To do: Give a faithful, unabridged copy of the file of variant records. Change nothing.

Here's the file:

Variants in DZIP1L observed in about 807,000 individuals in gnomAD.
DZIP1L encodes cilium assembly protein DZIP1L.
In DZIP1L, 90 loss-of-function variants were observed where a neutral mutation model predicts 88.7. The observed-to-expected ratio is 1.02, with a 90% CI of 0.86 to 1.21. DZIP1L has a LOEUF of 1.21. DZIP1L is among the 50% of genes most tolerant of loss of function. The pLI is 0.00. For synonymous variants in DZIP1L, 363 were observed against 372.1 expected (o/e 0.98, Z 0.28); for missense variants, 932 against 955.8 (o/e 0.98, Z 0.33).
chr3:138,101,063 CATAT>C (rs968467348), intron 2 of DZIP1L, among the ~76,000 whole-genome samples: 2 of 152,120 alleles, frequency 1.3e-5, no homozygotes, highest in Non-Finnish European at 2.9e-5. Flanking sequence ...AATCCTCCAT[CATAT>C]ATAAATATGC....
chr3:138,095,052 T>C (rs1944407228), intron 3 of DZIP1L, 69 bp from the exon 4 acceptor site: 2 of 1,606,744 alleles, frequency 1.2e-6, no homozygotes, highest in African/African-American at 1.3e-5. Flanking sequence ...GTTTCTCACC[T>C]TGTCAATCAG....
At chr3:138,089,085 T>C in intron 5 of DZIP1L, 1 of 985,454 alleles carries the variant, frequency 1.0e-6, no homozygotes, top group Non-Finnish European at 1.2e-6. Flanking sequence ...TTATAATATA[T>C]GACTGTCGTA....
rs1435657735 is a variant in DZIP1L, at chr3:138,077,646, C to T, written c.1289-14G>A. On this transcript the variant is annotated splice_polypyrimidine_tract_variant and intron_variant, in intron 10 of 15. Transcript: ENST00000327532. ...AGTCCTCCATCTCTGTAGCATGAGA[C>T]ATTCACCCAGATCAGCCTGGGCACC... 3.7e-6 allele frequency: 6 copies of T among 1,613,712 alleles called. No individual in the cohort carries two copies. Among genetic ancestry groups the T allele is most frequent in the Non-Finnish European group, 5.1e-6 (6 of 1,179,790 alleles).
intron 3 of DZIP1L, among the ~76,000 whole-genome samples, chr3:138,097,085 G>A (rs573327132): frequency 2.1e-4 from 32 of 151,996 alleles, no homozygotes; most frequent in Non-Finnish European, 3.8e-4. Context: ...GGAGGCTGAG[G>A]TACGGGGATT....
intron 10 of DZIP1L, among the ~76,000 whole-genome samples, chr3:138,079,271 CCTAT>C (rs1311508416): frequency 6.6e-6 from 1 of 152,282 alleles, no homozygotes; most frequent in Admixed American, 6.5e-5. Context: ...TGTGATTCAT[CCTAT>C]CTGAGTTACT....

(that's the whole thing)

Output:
Variants in DZIP1L observed in about 807,000 individuals in gnomAD.
DZIP1L encodes cilium assembly protein DZIP1L.
In DZIP1L, 90 loss-of-function variants were observed where a neutral mutation model predicts 88.7. The observed-to-expected ratio is 1.02, with a 90% CI of 0.86 to 1.21. DZIP1L has a LOEUF of 1.21. DZIP1L is among the 50% of genes most tolerant of loss of function. The pLI is 0.00. For synonymous variants in DZIP1L, 363 were observed against 372.1 expected (o/e 0.98, Z 0.28); for missense variants, 932 against 955.8 (o/e 0.98, Z 0.33).
chr3:138,101,063 CATAT>C (rs968467348), intron 2 of DZIP1L, among the ~76,000 whole-genome samples: 2 of 152,120 alleles, frequency 1.3e-5, no homozygotes, highest in Non-Finnish European at 2.9e-5. Flanking sequence ...AATCCTCCAT[CATAT>C]ATAAATATGC....
chr3:138,095,052 T>C (rs1944407228), intron 3 of DZIP1L, 69 bp from the exon 4 acceptor site: 2 of 1,606,744 alleles, frequency 1.2e-6, no homozygotes, highest in African/African-American at 1.3e-5. Flanking sequence ...GTTTCTCACC[T>C]TGTCAATCAG....
At chr3:138,089,085 T>C in intron 5 of DZIP1L, 1 of 985,454 alleles carries the variant, frequency 1.0e-6, no homozygotes, top group Non-Finnish European at 1.2e-6. Flanking sequence ...TTATAATATA[T>C]GACTGTCGTA....
rs1435657735 is a variant in DZIP1L, at chr3:138,077,646, C to T, written c.1289-14G>A. On this transcript the variant is annotated splice_polypyrimidine_tract_variant and intron_variant, in intron 10 of 15. Transcript: ENST00000327532. ...AGTCCTCCATCTCTGTAGCATGAGA[C>T]ATTCACCCAGATCAGCCTGGGCACC... 3.7e-6 allele frequency: 6 copies of T among 1,613,712 alleles called. No individual in the cohort carries two copies. Among genetic ancestry groups the T allele is most frequent in the Non-Finnish European group, 5.1e-6 (6 of 1,179,790 alleles).
intron 3 of DZIP1L, among the ~76,000 whole-genome samples, chr3:138,097,085 G>A (rs573327132): frequency 2.1e-4 from 32 of 151,996 alleles, no homozygotes; most frequent in Non-Finnish European, 3.8e-4. Context: ...GGAGGCTGAG[G>A]TACGGGGATT....
intron 10 of DZIP1L, among the ~76,000 whole-genome samples, chr3:138,079,271 CCTAT>C (rs1311508416): frequency 6.6e-6 from 1 of 152,282 alleles, no homozygotes; most frequent in Admixed American, 6.5e-5. Context: ...TGTGATTCAT[CCTAT>C]CTGAGTTACT....